One important way to improve water quality in lakes and rivers is to ensure that there is a natural buffer of vegetation along the shoreline. Natural and vegetated buffers are some of the most productive and diverse habitats on the planet. Vegetated areas are also important for filtering contaminants and sediments before they enter the lake. Deep rooted trees and shrubs help to capture nutrients moving from the surrounding landscape. Shallow rooted vegetation such as grass lawns, are unable to capture these nutrients with the same effectiveness as their natural counterparts. A well vegetated shoreline can capture sediment before it is able to enter the lake and potentially affect water quality and lake bottom habitat. 

Keep in mind that even a small area with native plants will help. If you have grass to the lake - simply stop cutting all or part of it and nature will re-naturalize the area over time.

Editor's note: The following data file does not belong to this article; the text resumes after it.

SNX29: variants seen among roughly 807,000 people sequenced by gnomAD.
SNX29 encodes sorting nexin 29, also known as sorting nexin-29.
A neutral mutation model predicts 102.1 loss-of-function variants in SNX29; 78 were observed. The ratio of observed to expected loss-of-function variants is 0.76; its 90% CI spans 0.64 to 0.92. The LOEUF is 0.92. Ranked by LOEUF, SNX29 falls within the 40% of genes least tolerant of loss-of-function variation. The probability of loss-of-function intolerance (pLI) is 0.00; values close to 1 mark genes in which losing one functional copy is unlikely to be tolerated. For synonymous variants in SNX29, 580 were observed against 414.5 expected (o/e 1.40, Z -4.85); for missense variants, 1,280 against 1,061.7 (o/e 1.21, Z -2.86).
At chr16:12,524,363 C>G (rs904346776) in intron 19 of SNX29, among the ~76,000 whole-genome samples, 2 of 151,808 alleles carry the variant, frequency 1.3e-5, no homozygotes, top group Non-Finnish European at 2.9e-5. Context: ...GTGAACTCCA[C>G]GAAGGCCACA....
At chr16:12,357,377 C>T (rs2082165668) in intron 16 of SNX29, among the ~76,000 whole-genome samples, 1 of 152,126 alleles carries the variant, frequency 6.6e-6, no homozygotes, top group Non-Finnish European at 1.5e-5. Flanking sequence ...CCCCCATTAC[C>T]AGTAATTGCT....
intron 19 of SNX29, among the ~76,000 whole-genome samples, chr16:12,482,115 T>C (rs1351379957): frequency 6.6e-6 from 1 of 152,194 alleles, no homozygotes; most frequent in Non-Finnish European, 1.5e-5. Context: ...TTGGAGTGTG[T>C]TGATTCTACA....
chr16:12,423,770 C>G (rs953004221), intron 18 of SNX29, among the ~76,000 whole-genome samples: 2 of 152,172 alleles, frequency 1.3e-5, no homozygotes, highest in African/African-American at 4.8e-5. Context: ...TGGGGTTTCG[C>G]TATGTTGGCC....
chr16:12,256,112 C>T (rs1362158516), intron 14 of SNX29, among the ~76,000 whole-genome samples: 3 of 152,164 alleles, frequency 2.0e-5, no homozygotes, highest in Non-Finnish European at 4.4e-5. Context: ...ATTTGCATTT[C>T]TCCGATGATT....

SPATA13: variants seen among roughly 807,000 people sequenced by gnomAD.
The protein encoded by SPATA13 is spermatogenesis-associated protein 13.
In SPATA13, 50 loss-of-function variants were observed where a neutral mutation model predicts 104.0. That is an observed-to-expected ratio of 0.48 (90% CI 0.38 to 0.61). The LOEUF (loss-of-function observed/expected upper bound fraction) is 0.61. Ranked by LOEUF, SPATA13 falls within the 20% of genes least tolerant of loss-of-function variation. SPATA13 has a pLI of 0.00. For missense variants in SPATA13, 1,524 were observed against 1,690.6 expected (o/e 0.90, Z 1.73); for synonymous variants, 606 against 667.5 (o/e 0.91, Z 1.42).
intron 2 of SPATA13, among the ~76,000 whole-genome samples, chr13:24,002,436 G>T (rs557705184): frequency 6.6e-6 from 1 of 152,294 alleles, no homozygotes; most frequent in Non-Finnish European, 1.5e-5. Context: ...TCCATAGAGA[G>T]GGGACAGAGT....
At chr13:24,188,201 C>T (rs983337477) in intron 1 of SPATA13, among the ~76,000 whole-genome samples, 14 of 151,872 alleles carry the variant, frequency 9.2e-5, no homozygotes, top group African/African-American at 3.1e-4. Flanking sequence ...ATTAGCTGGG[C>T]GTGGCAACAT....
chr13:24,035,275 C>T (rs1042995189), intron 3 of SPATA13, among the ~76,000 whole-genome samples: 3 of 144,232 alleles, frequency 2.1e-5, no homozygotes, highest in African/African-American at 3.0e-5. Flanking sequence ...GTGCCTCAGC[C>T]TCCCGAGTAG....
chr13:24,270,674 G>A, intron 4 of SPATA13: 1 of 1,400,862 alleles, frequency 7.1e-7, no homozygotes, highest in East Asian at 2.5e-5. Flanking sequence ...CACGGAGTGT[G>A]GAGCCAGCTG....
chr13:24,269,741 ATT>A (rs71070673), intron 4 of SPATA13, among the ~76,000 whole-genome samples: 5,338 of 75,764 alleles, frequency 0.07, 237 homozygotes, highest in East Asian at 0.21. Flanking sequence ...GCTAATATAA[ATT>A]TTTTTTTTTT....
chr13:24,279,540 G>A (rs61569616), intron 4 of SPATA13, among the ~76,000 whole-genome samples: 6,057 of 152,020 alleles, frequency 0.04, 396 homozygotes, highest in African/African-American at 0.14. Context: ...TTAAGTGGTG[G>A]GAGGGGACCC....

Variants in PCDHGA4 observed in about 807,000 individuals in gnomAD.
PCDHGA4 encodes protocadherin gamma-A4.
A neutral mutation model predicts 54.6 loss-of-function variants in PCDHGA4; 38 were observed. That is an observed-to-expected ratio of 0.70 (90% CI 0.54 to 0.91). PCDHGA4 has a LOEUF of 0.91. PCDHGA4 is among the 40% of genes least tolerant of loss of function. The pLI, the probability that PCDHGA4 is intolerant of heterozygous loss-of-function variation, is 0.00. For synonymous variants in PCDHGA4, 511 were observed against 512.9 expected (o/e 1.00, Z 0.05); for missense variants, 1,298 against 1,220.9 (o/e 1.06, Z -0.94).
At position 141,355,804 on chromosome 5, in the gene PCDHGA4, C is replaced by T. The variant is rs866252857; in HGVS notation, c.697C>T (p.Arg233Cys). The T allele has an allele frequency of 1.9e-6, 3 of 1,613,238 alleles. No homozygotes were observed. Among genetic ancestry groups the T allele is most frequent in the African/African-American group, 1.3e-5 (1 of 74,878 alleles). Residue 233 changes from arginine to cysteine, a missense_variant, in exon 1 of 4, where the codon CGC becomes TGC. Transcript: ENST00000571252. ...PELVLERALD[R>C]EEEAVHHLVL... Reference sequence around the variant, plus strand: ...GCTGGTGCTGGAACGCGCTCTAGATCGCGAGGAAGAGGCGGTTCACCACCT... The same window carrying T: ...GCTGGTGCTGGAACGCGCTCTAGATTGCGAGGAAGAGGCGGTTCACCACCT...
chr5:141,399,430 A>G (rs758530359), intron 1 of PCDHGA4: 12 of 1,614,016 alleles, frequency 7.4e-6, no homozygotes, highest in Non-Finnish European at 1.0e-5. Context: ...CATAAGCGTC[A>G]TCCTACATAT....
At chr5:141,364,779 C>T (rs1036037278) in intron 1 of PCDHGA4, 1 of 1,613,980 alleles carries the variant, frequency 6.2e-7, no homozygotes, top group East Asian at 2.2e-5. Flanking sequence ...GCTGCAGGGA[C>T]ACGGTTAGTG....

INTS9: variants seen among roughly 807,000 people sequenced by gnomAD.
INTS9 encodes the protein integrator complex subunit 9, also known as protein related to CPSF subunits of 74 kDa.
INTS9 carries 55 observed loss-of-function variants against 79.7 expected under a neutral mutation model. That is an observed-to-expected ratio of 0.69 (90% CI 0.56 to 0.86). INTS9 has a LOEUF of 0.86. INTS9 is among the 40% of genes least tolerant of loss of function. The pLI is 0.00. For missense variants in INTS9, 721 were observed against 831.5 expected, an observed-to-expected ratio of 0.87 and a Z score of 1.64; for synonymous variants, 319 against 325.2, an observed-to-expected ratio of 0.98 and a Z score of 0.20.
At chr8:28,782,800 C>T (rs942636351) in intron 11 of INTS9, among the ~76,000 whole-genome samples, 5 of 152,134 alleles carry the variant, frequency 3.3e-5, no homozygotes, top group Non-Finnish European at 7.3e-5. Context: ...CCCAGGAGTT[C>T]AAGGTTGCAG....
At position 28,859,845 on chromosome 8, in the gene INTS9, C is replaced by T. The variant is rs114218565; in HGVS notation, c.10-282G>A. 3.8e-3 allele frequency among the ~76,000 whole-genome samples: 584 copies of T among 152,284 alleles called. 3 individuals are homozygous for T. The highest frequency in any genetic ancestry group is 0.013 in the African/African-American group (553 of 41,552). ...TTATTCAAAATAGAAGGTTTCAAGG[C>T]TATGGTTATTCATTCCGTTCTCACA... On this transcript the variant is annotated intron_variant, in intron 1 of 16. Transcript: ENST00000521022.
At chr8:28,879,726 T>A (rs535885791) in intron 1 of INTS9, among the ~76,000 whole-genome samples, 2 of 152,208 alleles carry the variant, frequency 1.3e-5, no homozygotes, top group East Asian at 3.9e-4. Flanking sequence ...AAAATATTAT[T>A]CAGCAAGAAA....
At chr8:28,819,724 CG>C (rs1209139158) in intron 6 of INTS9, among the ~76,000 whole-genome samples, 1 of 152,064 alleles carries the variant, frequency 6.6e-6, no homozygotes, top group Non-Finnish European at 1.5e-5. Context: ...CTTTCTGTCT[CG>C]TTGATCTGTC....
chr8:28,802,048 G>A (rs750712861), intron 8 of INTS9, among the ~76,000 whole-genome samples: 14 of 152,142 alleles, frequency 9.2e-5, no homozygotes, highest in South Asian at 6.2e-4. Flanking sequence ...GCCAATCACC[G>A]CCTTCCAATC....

Watch the FOCA Video on Shoreline Health:

Go to the C.H.A. website to learn everything you need to know about shorelines.

Waterfront property owners have a role to play in keeping their shorelines healthy. This video provides practical information for anyone in Ontario seeking to use best practices on their waterfront.

 The “Ribbon of Life” connects the dots between healthy shorelines and lakes we can enjoy for generations.

What Type of Shoreline Do You Have?
Click here to see the 4 shoreline classifications

Watch the 'Ribbon of Life' Video:

Shoreline Plant Search Tool

Expert Recommendations on Shoreline Vegetation

Use this tool to find out what shoreline vegetation is best for your shoreline, based on soil type, sunlight, moisture, location and other options. Click here.